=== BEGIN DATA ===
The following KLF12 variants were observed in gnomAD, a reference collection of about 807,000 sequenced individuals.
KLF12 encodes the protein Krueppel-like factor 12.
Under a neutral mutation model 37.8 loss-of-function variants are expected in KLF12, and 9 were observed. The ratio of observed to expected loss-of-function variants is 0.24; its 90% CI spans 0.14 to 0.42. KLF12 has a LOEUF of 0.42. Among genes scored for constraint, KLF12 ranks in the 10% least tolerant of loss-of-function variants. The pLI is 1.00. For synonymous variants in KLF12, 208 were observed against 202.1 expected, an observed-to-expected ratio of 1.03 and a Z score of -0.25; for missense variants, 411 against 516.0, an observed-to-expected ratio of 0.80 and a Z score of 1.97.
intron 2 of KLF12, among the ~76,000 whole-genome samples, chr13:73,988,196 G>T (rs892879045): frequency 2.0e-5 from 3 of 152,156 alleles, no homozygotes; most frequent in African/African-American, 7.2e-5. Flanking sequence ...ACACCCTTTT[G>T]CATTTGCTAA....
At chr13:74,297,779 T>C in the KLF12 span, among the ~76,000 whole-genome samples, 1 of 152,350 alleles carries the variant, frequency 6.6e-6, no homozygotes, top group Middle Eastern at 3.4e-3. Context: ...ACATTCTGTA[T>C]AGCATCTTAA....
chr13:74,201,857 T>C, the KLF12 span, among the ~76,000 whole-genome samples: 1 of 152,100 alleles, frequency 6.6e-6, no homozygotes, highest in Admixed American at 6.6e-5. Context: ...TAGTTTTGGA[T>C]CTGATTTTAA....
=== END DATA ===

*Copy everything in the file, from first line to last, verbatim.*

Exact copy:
The following KLF12 variants were observed in gnomAD, a reference collection of about 807,000 sequenced individuals.
KLF12 encodes the protein Krueppel-like factor 12.
Under a neutral mutation model 37.8 loss-of-function variants are expected in KLF12, and 9 were observed. The ratio of observed to expected loss-of-function variants is 0.24; its 90% CI spans 0.14 to 0.42. KLF12 has a LOEUF of 0.42. Among genes scored for constraint, KLF12 ranks in the 10% least tolerant of loss-of-function variants. The pLI is 1.00. For synonymous variants in KLF12, 208 were observed against 202.1 expected, an observed-to-expected ratio of 1.03 and a Z score of -0.25; for missense variants, 411 against 516.0, an observed-to-expected ratio of 0.80 and a Z score of 1.97.
intron 2 of KLF12, among the ~76,000 whole-genome samples, chr13:73,988,196 G>T (rs892879045): frequency 2.0e-5 from 3 of 152,156 alleles, no homozygotes; most frequent in African/African-American, 7.2e-5. Flanking sequence ...ACACCCTTTT[G>T]CATTTGCTAA....
At chr13:74,297,779 T>C in the KLF12 span, among the ~76,000 whole-genome samples, 1 of 152,350 alleles carries the variant, frequency 6.6e-6, no homozygotes, top group Middle Eastern at 3.4e-3. Context: ...ACATTCTGTA[T>C]AGCATCTTAA....
chr13:74,201,857 T>C, the KLF12 span, among the ~76,000 whole-genome samples: 1 of 152,100 alleles, frequency 6.6e-6, no homozygotes, highest in Admixed American at 6.6e-5. Context: ...TAGTTTTGGA[T>C]CTGATTTTAA....